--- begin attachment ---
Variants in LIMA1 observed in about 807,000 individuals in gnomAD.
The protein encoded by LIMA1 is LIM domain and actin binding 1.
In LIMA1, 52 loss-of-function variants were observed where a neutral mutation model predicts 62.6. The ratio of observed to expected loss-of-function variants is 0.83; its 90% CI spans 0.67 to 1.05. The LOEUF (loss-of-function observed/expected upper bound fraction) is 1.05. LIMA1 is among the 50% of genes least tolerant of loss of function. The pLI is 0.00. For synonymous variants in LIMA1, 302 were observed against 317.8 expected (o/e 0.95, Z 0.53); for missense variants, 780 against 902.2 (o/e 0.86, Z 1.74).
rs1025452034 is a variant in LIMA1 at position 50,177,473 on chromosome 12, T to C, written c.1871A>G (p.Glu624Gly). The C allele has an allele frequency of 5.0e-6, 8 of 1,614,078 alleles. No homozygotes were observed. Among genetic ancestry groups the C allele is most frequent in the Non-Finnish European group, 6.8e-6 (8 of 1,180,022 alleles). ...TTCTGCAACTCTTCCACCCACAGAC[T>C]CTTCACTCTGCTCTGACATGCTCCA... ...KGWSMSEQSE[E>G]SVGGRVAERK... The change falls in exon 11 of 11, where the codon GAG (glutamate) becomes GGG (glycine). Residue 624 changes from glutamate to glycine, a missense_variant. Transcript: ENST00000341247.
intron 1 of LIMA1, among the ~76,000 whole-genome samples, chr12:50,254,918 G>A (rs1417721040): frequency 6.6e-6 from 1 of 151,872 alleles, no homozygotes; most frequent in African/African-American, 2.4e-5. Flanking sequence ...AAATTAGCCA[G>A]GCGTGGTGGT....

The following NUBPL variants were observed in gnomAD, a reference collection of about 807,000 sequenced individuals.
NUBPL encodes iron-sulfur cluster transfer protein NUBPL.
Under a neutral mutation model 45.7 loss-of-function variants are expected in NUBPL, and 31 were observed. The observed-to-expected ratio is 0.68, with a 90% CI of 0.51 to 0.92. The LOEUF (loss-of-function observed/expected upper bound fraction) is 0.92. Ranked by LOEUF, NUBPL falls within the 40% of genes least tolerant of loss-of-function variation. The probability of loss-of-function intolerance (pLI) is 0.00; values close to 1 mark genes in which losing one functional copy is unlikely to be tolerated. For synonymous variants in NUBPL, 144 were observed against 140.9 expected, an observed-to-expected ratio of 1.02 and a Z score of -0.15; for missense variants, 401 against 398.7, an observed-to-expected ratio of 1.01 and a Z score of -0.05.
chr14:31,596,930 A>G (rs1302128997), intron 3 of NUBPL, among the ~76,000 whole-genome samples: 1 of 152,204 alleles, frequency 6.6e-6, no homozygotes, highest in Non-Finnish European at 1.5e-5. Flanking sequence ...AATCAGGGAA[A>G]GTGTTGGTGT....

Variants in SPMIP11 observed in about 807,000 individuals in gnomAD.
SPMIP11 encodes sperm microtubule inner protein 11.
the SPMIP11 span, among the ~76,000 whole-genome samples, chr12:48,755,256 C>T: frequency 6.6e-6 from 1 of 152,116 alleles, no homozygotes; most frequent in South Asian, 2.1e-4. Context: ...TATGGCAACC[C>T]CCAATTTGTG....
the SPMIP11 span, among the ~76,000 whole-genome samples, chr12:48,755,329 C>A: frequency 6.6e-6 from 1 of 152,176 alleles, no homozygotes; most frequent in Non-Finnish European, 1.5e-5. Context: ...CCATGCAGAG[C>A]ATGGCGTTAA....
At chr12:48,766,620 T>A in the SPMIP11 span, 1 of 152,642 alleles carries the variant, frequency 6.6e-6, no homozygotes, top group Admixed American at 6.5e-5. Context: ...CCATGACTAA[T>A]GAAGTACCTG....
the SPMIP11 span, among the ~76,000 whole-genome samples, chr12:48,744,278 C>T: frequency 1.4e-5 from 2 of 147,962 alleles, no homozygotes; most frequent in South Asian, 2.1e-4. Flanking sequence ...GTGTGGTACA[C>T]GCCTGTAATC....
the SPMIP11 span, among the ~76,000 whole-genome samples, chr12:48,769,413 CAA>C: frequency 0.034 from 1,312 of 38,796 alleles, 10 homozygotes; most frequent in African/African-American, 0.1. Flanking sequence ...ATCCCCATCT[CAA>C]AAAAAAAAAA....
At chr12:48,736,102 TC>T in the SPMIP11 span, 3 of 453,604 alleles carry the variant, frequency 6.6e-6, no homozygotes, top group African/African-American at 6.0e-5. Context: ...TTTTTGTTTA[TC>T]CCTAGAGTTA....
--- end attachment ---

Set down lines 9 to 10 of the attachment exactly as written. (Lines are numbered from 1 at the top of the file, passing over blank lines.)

chr14:31,596,930 A>G (rs1302128997), intron 3 of NUBPL, among the ~76,000 whole-genome samples: 1 of 152,204 alleles, frequency 6.6e-6, no homozygotes, highest in Non-Finnish European at 1.5e-5. Flanking sequence ...AATCAGGGAA[A>G]GTGTTGGTGT....

Variants in SPMIP11 observed in about 807,000 individuals in gnomAD.